“It reminds me of a string of wet sponges; it reminds me of tattered washing on the line; it reminds me of stale bean soup; of dogs barking idiotically through endless nights…It drags itself out of the dark abysm of pish and crawls insanely up to the topmost pinnacle of posh. It is rumble and dumble. It is flap and doodle. It is balder and dash.”

Richard Blumenthal, famously exposed for faking his Vietnam veteran status, reminded Kavanaugh about the “falsus in uno, falsus in omnibus” dictum. A Samuel Johnson paraphrase suggests itself: “Why, Sir, Dick is dull, naturally dull; but it must have taken him a great deal of pains to become what we now see him. Such an excess of stupidity, Sir, is not in nature.”

Patrick Leahy maintained the same subterranean standard he set for himself during the Bork hearing. I tried to remember who told us the worst bore is the one who causes others to become boring. Then I dozed off.

Dick Durbin described the audible but unintelligible caterwauling of a mob of protesters in the hearing chamber as the “sound of democracy.” I have no words. Is it enough to quote Mae West? “His mother should have thrown him away and kept the stork.”

These senators all have law degrees from respectable or prestigious law schools. It would be inappropriate to quote that thing in Shakespeare’s Troilus & Cressida about persons who “hath not so much brain as ear wax.” So I won’t.

But I will say that I’ve found no liberal pundit willing to describe their performances as brilliant, or convincing, or intelligent, or even competent. In fact, I haven’t found any sage willing to say anything about their prattle. It’s always a significant clue when the dogs don’t bark. If I’ve missed something, I’m open to correction.

We must not overlook our state’s other senator. Some critics are suggesting that Independent Angus’s remarks were drafted by Senate Minority Leader Chuck Schumer’s press office. I doubt it. They seem too shallow and superficial, even for a press office. Charles Dickens provides just the right phrase: “He’d be sharper than a serpent’s tooth if he wasn’t as dull as ditch water.”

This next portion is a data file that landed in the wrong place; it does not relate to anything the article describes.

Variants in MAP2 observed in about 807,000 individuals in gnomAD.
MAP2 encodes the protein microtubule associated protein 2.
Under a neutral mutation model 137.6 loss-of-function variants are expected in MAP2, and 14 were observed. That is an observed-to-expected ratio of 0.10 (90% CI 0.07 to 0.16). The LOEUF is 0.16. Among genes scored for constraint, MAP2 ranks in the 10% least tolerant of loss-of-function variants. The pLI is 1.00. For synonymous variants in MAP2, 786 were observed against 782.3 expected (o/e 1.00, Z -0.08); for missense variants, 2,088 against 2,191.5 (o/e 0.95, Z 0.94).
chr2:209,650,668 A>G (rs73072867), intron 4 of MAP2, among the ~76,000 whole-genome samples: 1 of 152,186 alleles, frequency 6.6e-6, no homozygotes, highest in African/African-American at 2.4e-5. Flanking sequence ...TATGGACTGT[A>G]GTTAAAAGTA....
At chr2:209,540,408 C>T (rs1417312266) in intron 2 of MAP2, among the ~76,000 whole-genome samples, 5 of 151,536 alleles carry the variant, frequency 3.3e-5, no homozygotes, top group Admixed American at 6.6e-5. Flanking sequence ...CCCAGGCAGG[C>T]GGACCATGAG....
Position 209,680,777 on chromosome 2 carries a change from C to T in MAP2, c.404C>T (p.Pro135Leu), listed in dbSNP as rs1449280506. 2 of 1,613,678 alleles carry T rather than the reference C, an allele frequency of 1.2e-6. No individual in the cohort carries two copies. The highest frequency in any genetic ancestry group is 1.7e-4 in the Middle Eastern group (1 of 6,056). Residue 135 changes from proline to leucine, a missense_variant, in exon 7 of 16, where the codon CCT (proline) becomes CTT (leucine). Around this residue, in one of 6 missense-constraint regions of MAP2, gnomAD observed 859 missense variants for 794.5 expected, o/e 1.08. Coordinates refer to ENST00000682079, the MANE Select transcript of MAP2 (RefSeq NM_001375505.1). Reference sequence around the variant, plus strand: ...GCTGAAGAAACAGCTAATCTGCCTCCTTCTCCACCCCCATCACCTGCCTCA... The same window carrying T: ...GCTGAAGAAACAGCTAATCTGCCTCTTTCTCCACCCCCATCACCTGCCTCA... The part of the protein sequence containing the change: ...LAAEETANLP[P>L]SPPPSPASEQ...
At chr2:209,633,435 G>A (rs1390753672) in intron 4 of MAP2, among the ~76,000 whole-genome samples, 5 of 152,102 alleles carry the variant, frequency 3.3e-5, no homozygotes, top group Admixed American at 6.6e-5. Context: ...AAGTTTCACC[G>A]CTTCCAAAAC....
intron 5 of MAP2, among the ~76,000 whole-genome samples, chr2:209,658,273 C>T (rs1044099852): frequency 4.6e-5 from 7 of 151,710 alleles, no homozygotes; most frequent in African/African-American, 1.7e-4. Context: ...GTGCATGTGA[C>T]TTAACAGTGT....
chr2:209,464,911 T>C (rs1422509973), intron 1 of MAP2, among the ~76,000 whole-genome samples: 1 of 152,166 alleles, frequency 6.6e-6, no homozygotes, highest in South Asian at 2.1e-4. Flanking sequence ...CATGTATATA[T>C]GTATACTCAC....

“Pilloried” is the right word for the reaction that Collins has brought down on her head. She broke a hundred passionate Hollywood hearts. Molly Ringwald is deeply annoyed: “Susan Collins you are a betrayer of women.”

George Takei’s religious principles are under strain: “As a Buddhist it is my practice to have compassion for all people. But @SenatorCollins is really testing my limits right now.” Seth MacFarlane delivered some bad news: “You had the opportunity to claim a legacy as a pivotal, forward-thinking voice in the enterprise of progress, of cultural evolution. Alas, @SenatorCollins, you will fade into history as a follower, not a leader.” Minnie Driver is taking action: “Women. Women not believing women. Assuring the rise of toxic masculinity, and giving it a permanent home. I feel utter despair right now -funding Susan Collins Dem opponent won’t save the generations of women who’s lives will suffer b/c of Kavanaugh. Donating anyway.”

Let’s not leave Alyssa Milano out. She hates being left out. “Don’t let this performance fool you. If @SenatorCollins believed in #MeToo she would have opened the door when I was in her office to hear stories of constituent survivors.”

Heed my prediction; you will not see a single reference to “accusers” for a long time to come. The word accuser implies an accusation, and accusations require evidence. Evidence may be dispute. Question a “survivor” and you reveal yourself as an insensitive brute or a traitress to your sistren. Belief is mandatory.

We turn at last to Dana Milbank, the Washington Post’s most reliable robot. The title of the column, “Susan Collins’s Declaration of Cowardice,” tells most of the story, but it has an odd ending. “To be worthy of Margaret Chase Smith,” Dana advises us, “Collins would have to take a personal risk and use her pulpit and her vote to denounce the misogynist who leads her party and her colleagues who enable him.”

Dangerous Dana makes no attempt to critique the Collins critique. Channeling Margaret Chase Smith is enough. It’s unreasonable to ask for more.